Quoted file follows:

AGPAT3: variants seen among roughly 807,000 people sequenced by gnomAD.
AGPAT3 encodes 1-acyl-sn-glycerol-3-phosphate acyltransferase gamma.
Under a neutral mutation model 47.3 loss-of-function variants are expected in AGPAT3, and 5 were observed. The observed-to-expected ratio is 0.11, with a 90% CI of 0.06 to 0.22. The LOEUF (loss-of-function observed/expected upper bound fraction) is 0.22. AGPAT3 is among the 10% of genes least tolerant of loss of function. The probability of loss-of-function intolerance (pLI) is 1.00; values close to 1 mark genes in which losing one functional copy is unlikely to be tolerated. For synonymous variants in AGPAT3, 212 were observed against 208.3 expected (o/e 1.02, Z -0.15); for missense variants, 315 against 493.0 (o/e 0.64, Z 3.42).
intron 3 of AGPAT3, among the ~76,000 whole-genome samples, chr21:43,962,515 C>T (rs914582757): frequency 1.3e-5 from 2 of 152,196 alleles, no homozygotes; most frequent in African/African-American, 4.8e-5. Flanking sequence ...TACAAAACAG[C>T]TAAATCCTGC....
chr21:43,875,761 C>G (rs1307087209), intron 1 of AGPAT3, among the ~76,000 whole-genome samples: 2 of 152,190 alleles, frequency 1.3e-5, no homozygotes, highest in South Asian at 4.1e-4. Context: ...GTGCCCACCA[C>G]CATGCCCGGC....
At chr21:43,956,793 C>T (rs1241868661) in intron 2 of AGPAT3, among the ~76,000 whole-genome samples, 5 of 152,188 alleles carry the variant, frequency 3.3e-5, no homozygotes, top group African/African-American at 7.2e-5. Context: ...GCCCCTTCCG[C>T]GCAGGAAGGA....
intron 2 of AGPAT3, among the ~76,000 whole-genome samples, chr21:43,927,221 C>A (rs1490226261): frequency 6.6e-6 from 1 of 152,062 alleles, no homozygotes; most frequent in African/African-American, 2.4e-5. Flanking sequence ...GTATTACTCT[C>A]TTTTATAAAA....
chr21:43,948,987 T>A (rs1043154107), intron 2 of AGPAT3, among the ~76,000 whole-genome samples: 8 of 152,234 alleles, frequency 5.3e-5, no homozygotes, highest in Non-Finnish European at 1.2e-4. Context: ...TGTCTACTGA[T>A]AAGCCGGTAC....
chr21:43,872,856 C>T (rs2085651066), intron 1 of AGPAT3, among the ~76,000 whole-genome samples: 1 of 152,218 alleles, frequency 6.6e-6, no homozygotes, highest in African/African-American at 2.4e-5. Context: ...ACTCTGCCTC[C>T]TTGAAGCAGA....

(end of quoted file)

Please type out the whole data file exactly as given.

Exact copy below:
AGPAT3: variants seen among roughly 807,000 people sequenced by gnomAD.
AGPAT3 encodes 1-acyl-sn-glycerol-3-phosphate acyltransferase gamma.
Under a neutral mutation model 47.3 loss-of-function variants are expected in AGPAT3, and 5 were observed. The observed-to-expected ratio is 0.11, with a 90% CI of 0.06 to 0.22. The LOEUF (loss-of-function observed/expected upper bound fraction) is 0.22. AGPAT3 is among the 10% of genes least tolerant of loss of function. The probability of loss-of-function intolerance (pLI) is 1.00; values close to 1 mark genes in which losing one functional copy is unlikely to be tolerated. For synonymous variants in AGPAT3, 212 were observed against 208.3 expected (o/e 1.02, Z -0.15); for missense variants, 315 against 493.0 (o/e 0.64, Z 3.42).
intron 3 of AGPAT3, among the ~76,000 whole-genome samples, chr21:43,962,515 C>T (rs914582757): frequency 1.3e-5 from 2 of 152,196 alleles, no homozygotes; most frequent in African/African-American, 4.8e-5. Flanking sequence ...TACAAAACAG[C>T]TAAATCCTGC....
chr21:43,875,761 C>G (rs1307087209), intron 1 of AGPAT3, among the ~76,000 whole-genome samples: 2 of 152,190 alleles, frequency 1.3e-5, no homozygotes, highest in South Asian at 4.1e-4. Context: ...GTGCCCACCA[C>G]CATGCCCGGC....
At chr21:43,956,793 C>T (rs1241868661) in intron 2 of AGPAT3, among the ~76,000 whole-genome samples, 5 of 152,188 alleles carry the variant, frequency 3.3e-5, no homozygotes, top group African/African-American at 7.2e-5. Context: ...GCCCCTTCCG[C>T]GCAGGAAGGA....
intron 2 of AGPAT3, among the ~76,000 whole-genome samples, chr21:43,927,221 C>A (rs1490226261): frequency 6.6e-6 from 1 of 152,062 alleles, no homozygotes; most frequent in African/African-American, 2.4e-5. Flanking sequence ...GTATTACTCT[C>A]TTTTATAAAA....
chr21:43,948,987 T>A (rs1043154107), intron 2 of AGPAT3, among the ~76,000 whole-genome samples: 8 of 152,234 alleles, frequency 5.3e-5, no homozygotes, highest in Non-Finnish European at 1.2e-4. Context: ...TGTCTACTGA[T>A]AAGCCGGTAC....
chr21:43,872,856 C>T (rs2085651066), intron 1 of AGPAT3, among the ~76,000 whole-genome samples: 1 of 152,218 alleles, frequency 6.6e-6, no homozygotes, highest in African/African-American at 2.4e-5. Context: ...ACTCTGCCTC[C>T]TTGAAGCAGA....